In the final televised debate before the election (and may I say that with all the debates and candidate fora we’ve had, no one can legitimately claim to be unfamiliar with the three hopefuls), Bill White and Orlando Sanchez stepped up their attacks on each other.
White, CEO of a large investment firm, questioned whether Sanchez would be capable of running City Hall with its staff of 20,000, asking how many employees he has had in his work history.
Sanchez responded with an attack of his own.
“You’re running to represent big business, Enron-size business,” Sanchez said. “I’m a small-business person.”
White pointed out that Sanchez did not answer the question.
“I’ve built many small businesses, and I know how many people report to me,” he said.
The runoff will be such fun if this is the lineup for it. While Sylvester Turner threw jabs of his own, the other two mostly let him be.
Given an opportunity to question each other, White and Sanchez acted more like runoff opponents, attacking each other instead of Turner. White even complimented Turner’s commitment to after-school programs.
The most recent polls show a fairly close race, with White leading the field and Sanchez in second place. If the two do make it into a runoff, neither would want to alienate Turner’s supporters.
Some time ago in a world championship bridge tournament, a highly regarded team from Poland seemed to try to throw a round-robin match against an overmatched opponent. Their apparent strategy was to alter where they finished among the top four qualifiers so that they would face a squad from Iceland in the semifinals instead of a Brazilian team that was considered to be stronger. The Poles wound up winning that match anyway, so their gambit failed. As it happened, Poland beat Brazil, and faced Iceland in the finals, where the team they thought they’d handle easily in the semifinals clobbered them.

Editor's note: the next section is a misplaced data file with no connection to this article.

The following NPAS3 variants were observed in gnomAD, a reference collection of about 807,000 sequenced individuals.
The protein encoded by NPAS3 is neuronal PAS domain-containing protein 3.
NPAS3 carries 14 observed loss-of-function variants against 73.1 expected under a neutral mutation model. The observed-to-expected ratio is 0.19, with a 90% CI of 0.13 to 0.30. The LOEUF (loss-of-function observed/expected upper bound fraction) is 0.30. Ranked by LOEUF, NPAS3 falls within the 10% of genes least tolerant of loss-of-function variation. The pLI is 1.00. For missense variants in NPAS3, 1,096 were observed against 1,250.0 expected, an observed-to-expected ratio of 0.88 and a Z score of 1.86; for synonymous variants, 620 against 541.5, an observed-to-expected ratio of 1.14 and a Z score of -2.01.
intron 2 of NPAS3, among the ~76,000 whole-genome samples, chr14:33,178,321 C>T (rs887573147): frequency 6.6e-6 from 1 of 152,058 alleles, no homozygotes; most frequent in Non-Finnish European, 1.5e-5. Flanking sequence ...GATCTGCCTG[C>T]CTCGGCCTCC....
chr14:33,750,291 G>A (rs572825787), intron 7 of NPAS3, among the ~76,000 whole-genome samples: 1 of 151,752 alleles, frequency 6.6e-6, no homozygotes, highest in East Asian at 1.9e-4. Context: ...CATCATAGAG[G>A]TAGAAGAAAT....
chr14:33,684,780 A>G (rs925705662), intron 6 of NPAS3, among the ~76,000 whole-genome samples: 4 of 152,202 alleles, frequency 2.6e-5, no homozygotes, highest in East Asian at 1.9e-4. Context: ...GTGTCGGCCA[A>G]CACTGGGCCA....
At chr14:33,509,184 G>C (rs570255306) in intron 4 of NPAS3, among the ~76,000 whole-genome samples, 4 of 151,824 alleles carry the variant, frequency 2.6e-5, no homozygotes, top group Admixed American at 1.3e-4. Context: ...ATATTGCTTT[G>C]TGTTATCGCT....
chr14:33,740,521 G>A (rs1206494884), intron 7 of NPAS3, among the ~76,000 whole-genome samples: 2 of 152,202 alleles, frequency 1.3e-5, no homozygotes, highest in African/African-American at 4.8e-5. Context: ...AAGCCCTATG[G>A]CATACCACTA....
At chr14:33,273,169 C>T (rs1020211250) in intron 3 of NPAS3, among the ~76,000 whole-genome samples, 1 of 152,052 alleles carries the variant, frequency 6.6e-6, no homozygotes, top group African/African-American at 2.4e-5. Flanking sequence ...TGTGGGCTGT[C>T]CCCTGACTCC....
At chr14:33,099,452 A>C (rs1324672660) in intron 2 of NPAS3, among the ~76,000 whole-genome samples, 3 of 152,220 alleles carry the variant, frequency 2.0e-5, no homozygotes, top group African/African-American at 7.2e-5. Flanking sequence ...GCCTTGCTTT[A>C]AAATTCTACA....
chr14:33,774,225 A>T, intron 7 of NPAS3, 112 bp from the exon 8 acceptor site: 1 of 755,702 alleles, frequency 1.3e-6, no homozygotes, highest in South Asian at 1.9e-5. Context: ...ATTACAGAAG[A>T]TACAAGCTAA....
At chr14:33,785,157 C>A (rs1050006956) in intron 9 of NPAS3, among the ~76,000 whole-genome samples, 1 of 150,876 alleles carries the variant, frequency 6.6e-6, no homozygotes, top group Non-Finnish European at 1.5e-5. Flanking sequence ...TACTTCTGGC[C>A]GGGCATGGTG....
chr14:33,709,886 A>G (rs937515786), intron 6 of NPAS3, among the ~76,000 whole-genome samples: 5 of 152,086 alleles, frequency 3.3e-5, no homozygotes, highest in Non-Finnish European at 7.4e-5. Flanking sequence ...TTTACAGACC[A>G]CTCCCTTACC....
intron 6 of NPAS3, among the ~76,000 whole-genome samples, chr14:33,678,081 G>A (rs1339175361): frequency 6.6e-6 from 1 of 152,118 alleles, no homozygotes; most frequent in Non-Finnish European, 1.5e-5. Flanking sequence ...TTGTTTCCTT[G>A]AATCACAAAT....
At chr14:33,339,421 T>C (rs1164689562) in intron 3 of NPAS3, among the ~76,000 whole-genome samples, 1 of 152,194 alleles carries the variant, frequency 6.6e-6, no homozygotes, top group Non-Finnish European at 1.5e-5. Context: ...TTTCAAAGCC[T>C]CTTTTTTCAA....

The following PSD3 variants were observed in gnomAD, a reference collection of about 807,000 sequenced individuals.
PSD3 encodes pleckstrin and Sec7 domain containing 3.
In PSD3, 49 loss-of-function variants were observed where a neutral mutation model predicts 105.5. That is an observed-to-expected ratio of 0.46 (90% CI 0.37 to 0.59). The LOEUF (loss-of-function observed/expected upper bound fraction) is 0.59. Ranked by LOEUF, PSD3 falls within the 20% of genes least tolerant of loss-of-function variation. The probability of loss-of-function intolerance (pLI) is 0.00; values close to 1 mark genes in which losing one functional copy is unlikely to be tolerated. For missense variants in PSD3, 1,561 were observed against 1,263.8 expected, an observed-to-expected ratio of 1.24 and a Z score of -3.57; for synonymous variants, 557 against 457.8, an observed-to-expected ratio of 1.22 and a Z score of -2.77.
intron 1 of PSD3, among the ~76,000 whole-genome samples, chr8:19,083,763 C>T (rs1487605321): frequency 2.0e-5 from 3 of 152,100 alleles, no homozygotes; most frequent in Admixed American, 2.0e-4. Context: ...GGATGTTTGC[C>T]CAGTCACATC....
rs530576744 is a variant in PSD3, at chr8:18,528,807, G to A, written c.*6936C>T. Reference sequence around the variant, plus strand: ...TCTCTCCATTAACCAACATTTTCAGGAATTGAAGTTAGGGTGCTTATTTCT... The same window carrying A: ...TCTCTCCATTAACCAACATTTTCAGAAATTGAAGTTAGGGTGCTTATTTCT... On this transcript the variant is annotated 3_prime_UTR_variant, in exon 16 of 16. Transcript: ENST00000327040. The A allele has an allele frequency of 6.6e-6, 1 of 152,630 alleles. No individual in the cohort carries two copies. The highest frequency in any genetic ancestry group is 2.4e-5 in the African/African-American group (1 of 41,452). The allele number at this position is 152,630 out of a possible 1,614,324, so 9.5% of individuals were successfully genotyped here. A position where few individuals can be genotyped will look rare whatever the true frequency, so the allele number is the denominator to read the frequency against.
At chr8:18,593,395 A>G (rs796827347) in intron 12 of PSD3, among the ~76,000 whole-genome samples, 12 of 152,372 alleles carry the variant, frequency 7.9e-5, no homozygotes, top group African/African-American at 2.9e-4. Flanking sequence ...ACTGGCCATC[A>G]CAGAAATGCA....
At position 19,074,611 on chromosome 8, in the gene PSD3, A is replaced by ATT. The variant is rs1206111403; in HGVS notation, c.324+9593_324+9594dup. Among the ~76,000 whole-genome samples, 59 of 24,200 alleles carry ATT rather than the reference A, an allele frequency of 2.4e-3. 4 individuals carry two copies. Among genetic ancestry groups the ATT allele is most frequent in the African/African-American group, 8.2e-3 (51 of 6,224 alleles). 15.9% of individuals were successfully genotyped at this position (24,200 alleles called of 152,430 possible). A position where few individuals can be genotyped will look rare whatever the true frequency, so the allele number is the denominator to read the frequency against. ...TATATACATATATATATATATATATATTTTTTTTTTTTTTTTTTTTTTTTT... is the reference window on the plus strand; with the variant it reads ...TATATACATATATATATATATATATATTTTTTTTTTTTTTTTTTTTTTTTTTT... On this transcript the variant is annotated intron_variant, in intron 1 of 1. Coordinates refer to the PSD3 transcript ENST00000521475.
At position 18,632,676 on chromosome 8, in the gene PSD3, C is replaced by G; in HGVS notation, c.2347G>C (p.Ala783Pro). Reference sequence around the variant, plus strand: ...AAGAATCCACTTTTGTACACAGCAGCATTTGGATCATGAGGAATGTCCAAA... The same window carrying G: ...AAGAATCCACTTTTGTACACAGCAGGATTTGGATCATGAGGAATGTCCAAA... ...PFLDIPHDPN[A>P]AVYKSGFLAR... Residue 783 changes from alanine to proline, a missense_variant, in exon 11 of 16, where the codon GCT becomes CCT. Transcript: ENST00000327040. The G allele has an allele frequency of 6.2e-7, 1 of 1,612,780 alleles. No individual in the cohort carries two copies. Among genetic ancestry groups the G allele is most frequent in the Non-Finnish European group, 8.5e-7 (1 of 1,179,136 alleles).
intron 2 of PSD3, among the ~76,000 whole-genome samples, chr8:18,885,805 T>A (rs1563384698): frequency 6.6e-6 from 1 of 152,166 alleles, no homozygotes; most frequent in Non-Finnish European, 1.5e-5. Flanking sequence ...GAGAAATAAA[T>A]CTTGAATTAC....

I was reminded of that story as I read about how Turner, currently running third in the polls, is being allowed to be above the fray while White and Sanchez attack each other. It would be pretty ironic if the negativity turned off enough voters to allow Turner to get into the runoff. White has more to lose from this in the general election, since Turner seems to be likelier to pick up disaffected White supporters, but if he makes it to the runoff he should be in good shape. I can’t see Sanchez successfully wooing too many Turner voters, not after his orgy of using the Clintons as a club against White. As noted before, Kevin sees it differently.
It’s almost jarring after reading that article to peruse this Houston Press cover story on Bill White. No one in this piece, and that includes White’s ex-wife and a former boss who lost a million bucks investing in a business White set up a few years back, had anything negative to say about him. That’s pretty amazing, and quite the contrast to this earlier profile of Michael Berry, in which there was no shortage of naysayers.
UPDATE: Christine comments on a Sanchez TV ad that has stuck in her mind.